“Oh Ned no!” Jill said just this afternoon, when Edwin refused to be set down without wailing. “Watch Ned for a minute,” she said to me, vanishing into the bathroom.
“Funny how you wanted your children so badly, and now we just want to get away from them,” she says later. “It makes you feel so guilty and bad.” Bah. You don’t like to think you ever have to get away from your kids. Alimony dodgers try to get away from their kids. Even parents who abandon kids sometimes have the decency to leave them in hospitals and police stations. They don’t just duck into the bathroom and leave the kid sitting on the table.
But we all need moments away from our kids. When the kids get older, some parents even want to spend more time with them, but by then in a parent’s life the bathroom has come to mean a different kind of sanctuary. (February 2001)
In a household with two small kids in a winter full of colds, the parents each have several nostrils to choose from. My wife, who wishes to remain anonymous, adds here, “Sometimes it’s better than picking your own nose.”
Colds belted us this winter, or maybe one cold kept pinballing between the four of us. The mucus started flowing fast and steady and through box after box of tissues.
Alex got it worst, of course. He almost went to the hospital with the first cold, in November, but he rose again and stayed relatively snot-free until February. Then he was sick the whole month. This second cold never put him on the crib mat for the count, but for a week he was wracked with a cough that would wake him bawling at 4 a.m.
He had a lot of nostril seepage. “Snot tusks,” commented Jill (sorry, “my wife”). “I am so sick of hearing snot in kids’ noses.”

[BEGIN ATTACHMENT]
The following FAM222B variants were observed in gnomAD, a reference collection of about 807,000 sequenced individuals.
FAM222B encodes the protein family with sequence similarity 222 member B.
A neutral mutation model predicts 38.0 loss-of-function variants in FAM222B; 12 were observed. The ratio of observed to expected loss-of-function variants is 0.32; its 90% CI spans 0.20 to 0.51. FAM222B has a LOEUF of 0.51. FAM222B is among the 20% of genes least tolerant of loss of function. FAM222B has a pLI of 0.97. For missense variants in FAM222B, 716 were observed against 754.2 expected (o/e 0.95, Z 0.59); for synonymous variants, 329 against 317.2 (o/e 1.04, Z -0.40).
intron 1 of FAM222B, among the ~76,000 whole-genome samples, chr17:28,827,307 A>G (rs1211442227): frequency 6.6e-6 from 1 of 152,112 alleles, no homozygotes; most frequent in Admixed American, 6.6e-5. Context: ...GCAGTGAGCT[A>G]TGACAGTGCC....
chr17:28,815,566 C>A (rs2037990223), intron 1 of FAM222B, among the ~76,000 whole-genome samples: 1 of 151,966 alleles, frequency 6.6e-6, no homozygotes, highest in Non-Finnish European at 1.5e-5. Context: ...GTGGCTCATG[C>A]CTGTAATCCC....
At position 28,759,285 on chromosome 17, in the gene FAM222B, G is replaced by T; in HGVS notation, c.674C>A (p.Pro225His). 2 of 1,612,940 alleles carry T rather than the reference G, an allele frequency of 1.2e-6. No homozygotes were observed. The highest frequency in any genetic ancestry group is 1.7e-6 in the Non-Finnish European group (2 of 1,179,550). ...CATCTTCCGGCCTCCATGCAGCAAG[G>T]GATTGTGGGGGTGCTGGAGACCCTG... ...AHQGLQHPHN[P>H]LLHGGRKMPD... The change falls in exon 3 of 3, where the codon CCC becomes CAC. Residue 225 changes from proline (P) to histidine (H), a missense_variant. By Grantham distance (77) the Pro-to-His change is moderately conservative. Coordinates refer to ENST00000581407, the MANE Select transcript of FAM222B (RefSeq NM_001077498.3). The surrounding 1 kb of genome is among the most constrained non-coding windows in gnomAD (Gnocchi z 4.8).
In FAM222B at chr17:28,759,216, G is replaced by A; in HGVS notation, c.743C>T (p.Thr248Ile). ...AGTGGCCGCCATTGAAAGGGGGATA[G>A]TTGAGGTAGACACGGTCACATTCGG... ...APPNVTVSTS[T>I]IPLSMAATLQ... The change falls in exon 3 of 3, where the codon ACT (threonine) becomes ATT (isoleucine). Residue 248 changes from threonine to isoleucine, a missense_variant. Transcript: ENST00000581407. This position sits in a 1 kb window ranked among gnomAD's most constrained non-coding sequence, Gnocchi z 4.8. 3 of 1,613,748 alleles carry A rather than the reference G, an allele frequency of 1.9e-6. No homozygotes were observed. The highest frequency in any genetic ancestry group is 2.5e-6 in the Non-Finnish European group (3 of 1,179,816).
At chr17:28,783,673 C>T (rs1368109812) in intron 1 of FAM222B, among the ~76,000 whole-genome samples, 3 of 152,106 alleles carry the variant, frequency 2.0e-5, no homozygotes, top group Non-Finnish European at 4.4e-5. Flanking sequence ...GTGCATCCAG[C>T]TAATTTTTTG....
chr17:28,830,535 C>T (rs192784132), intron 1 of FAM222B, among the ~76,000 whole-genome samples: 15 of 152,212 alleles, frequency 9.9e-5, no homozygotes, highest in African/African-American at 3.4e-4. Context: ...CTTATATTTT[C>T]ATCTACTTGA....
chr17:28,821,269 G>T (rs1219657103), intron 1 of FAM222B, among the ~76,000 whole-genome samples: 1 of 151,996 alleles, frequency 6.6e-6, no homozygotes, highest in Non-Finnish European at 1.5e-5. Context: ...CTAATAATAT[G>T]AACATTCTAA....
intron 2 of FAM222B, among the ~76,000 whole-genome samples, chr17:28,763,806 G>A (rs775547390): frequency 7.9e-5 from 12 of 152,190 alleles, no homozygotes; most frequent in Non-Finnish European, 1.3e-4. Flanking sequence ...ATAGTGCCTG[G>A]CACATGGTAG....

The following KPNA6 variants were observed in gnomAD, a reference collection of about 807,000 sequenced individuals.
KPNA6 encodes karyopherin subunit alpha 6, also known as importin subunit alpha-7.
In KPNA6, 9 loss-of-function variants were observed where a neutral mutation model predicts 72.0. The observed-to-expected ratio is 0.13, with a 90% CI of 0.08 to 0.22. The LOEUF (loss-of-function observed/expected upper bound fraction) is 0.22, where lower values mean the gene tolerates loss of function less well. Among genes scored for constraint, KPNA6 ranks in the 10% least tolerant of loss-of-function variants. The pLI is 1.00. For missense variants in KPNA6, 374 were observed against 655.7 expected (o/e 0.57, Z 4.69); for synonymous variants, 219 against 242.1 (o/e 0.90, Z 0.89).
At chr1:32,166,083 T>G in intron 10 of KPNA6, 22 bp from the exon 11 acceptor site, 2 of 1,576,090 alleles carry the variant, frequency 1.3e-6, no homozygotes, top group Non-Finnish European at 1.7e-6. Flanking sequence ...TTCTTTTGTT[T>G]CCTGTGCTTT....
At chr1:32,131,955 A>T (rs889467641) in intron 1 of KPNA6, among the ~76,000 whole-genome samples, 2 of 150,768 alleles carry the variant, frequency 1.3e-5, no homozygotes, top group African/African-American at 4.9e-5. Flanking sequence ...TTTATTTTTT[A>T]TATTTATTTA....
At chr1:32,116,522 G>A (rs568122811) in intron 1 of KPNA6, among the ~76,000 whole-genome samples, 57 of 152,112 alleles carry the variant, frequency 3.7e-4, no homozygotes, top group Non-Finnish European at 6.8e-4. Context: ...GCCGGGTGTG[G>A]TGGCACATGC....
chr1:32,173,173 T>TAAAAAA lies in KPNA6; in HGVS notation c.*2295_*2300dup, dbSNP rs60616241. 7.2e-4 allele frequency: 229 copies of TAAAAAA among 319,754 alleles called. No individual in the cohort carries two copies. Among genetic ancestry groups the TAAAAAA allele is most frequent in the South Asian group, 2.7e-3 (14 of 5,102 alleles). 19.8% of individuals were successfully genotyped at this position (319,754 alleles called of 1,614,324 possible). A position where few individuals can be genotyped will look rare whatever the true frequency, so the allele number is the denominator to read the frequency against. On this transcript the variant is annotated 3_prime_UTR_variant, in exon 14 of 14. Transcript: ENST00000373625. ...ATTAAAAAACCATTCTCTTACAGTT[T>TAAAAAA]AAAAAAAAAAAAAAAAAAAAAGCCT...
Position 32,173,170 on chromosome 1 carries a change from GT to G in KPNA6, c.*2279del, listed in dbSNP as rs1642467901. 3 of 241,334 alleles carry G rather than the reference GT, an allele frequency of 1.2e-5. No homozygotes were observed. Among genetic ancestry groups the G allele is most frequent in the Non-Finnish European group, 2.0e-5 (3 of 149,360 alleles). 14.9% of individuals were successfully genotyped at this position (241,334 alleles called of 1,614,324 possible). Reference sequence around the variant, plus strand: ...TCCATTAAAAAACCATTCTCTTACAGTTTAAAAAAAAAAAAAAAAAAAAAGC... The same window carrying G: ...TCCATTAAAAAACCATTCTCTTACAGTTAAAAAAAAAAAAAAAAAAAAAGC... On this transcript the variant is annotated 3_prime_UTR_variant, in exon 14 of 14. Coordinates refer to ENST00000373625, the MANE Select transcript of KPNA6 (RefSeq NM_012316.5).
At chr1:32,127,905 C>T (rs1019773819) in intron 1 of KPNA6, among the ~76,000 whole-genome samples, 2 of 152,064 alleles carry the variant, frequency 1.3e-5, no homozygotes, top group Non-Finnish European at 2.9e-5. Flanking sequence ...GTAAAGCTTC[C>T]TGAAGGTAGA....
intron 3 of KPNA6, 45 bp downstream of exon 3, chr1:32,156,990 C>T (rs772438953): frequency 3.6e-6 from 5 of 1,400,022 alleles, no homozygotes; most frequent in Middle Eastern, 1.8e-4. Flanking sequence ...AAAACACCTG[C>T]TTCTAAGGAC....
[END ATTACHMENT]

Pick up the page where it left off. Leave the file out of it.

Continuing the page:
Alex doesn’t know yet how to blow his nose; best we can do is a swipe and squeeze of Kleenex. I’ve tried to turn it into a game by first holding the Kleenex to my nose and giving a loud, raspberry-like fake blow. Alex sort of buys it. But without his exhaling, all we can ever pinch off is a skim of white stuff or, at best, a thread of green. Ned, age two months, is easier. Cold season had just set in when he sneezed hard and a bright green blob appeared under his nostril. A prize! Semi-solid, too.
Lately, when we hear something rattling behind Ned’s face, we reach for what our babysitter Stacy calls “the booger baster”: a four-inch-long plastic squeeze-bulb syringe. The hollow tip is just small enough for Ned’s nostrils. We insert it, get it steady, squeeze the bulb, and release. If we have a good seal and the suction takes, we’re rewarded with the tiny sucking of baby mucus being dragged into the light of day. The tightest seals and the best suction reward us with a thread of snot when we draw the baster from his nose.